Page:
Work to be undertaken during the proposal year and a description of the methods and procedures: The fieldwork has been completed and the work will consist of data analysis and reporting. The experimental burns for the long-term study of season and frequency will continue to be carried out by the Big Cypress NPS fire management staff. If a source of subsidized labor is available (perhaps NPS fire crew or SCA interns), all 54 permanent tree plots will be revisited and tree diameters remeasured. The trees were last measured in 1995.

Planned Outreach: Will help organize and participate in a South Florida slash pine symposium. A refereed journal article will be submitted on the initial vegetation conditions of the long-term study plots in Big Cypress and the data will be made available through USGS. For the Big Pine Key study, manuscripts will be prepared with collaborators from FIU on fuel loads along a chronosequence of time since last fire, effects of fire on understory vegetation structure and species diversity, and prescribed burning: a management tool in the slash pine forests of the Florida Keys.

Title of Task 2: Seasonal fire effects on muhly grass
Task Funding: USGS Place-Based Studies Initiative
Task Leaders: James R. Snyder
Phone: 239-695-1180
FAX: 239-695-3007
Task Status: active
Task priority: High
Task Personnel: To be hired

Task Summary and Objectives: Muhly grass is a component of hydric pine forests and short hydroperiod prairies, including the habitat of the Cape Sable seaside sparrow. Fire is a natural and necessary phenomenon in prairies, and the interaction of fire and flooding can have profound effects on vegetation. Our objective is to address two questions relevant to fire management and the endangered Cape Sable seaside sparrow: 1. How does season of burning effect the rate of recovery of muhly?, and 2. How does season of burning effect the ability of muhly to tolerate flooding?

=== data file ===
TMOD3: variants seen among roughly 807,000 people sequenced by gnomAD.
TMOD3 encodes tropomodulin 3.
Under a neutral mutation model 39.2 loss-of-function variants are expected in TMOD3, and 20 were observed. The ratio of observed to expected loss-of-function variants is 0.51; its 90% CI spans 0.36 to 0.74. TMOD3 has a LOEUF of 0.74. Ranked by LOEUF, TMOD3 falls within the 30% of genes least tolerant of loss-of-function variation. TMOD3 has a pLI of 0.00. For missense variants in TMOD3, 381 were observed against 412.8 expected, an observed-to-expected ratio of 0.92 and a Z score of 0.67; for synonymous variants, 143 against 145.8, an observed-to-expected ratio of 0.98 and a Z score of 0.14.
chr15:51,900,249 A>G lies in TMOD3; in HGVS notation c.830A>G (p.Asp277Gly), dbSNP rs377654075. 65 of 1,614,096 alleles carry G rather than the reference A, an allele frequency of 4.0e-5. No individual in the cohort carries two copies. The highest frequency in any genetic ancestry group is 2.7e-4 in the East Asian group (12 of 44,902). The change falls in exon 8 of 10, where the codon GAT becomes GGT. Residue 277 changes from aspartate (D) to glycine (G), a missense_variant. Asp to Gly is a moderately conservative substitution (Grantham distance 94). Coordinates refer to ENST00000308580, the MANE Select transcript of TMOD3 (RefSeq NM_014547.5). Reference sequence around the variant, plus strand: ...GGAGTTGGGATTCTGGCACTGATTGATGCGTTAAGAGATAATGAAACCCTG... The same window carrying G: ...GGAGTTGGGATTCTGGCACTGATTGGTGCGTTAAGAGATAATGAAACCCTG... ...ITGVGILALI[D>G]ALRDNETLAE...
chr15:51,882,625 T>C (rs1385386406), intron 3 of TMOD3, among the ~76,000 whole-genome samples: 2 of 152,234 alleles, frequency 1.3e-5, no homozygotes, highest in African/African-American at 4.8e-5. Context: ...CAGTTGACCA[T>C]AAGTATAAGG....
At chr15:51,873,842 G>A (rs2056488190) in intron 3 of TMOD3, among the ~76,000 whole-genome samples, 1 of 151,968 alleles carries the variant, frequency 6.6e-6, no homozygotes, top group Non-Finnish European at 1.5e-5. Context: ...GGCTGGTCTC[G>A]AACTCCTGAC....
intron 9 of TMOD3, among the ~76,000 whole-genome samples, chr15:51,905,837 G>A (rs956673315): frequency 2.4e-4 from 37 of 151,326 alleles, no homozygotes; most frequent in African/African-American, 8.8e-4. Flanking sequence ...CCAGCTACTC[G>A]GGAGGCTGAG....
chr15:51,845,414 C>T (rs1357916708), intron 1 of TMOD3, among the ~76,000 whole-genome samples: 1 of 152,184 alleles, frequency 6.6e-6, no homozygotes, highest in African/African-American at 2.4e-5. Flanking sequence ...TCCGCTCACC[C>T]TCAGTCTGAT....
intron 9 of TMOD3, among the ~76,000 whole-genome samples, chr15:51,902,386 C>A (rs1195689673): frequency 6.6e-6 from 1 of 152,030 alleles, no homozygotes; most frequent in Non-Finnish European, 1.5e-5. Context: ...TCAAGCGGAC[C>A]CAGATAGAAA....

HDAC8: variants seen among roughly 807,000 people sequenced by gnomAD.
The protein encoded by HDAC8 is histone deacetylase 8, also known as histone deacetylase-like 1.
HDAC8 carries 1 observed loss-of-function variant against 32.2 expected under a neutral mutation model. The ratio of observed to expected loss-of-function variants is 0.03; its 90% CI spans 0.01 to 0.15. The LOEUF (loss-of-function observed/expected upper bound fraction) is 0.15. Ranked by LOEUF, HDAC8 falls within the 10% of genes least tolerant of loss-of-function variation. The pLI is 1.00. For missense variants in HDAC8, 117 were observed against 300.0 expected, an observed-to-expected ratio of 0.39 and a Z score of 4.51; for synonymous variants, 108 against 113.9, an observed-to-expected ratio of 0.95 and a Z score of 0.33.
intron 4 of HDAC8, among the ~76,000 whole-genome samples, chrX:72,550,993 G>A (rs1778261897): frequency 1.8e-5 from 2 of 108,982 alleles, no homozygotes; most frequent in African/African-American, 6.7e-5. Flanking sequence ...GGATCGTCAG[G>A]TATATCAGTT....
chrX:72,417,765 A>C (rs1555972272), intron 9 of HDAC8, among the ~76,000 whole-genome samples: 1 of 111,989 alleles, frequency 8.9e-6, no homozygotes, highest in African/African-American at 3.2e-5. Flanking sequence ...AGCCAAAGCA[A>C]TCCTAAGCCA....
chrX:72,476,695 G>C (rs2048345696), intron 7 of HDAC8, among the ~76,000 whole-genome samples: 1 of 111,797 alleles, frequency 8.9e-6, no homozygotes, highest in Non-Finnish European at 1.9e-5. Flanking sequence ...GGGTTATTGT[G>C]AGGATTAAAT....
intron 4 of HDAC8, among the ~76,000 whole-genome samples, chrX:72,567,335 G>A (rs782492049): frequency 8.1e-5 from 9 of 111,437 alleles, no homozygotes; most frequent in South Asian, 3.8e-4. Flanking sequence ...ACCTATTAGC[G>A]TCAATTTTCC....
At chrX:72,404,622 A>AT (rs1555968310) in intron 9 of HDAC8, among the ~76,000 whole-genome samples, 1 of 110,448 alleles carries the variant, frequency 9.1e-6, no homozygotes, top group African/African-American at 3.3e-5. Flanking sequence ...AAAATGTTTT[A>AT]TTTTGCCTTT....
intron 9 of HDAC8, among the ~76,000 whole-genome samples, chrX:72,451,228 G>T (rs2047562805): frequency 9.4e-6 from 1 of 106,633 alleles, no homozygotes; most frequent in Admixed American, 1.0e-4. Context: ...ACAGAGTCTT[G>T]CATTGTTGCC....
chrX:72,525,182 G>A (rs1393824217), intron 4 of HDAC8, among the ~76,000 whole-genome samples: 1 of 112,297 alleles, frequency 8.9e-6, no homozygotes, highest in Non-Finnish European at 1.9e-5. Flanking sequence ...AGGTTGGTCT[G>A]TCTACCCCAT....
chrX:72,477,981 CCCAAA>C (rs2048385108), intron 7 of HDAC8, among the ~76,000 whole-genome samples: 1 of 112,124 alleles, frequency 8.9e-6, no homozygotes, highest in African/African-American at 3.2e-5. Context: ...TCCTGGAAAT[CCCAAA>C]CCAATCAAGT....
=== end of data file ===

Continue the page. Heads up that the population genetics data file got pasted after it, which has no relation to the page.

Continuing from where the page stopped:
Work to be undertaken during the proposal year and a description of the methods and procedures: Experimental studies have been established at 3 sites in Big Cypress. A large number of marked muhly individuals were burned over a 6-month period beginning January 2003 and the height of regrowth is measured periodically. Measurements will continue monthly until May 2004. Flowering culms will be counted in October. A companion study utilizing potted plants and large tubs was also set up. Some plants were burned periodically over a five month period. This June the plants were placed in large tubs in which water levels are maintained either at the ground surface, 10 cm above the ground surface, or 20 cm above the ground surface. Water levels will be dropped beginning in September. The height of the regrowth is measured periodically and the aboveground biomass will be harvested in May 2004.

Planned Outreach: The final report will be submitted to the NPS and a journal article describing the study will be submitted for publication.


This project contributes to USGS Restoration Goal 2, "Restore, preserve, and protect natural habitats and species" through an understanding of fire's role in determining ecosystem structure (SO1). The project directly addresses the issue of season of burning, which is an important component of the DOI Fire Ecology Science Action Plan. The muhly task deals with the recovery of the Cape Sable seaside sparrow as outlined in DOI Ecological Community Recovery by addressing habitat response to hydrologic change and fire. The results will also contribute toward inclusion of fire effects in landscape scale modeling of vegetation change.

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Last updated: 04 September, 2013 @ 02:08 PM(KP)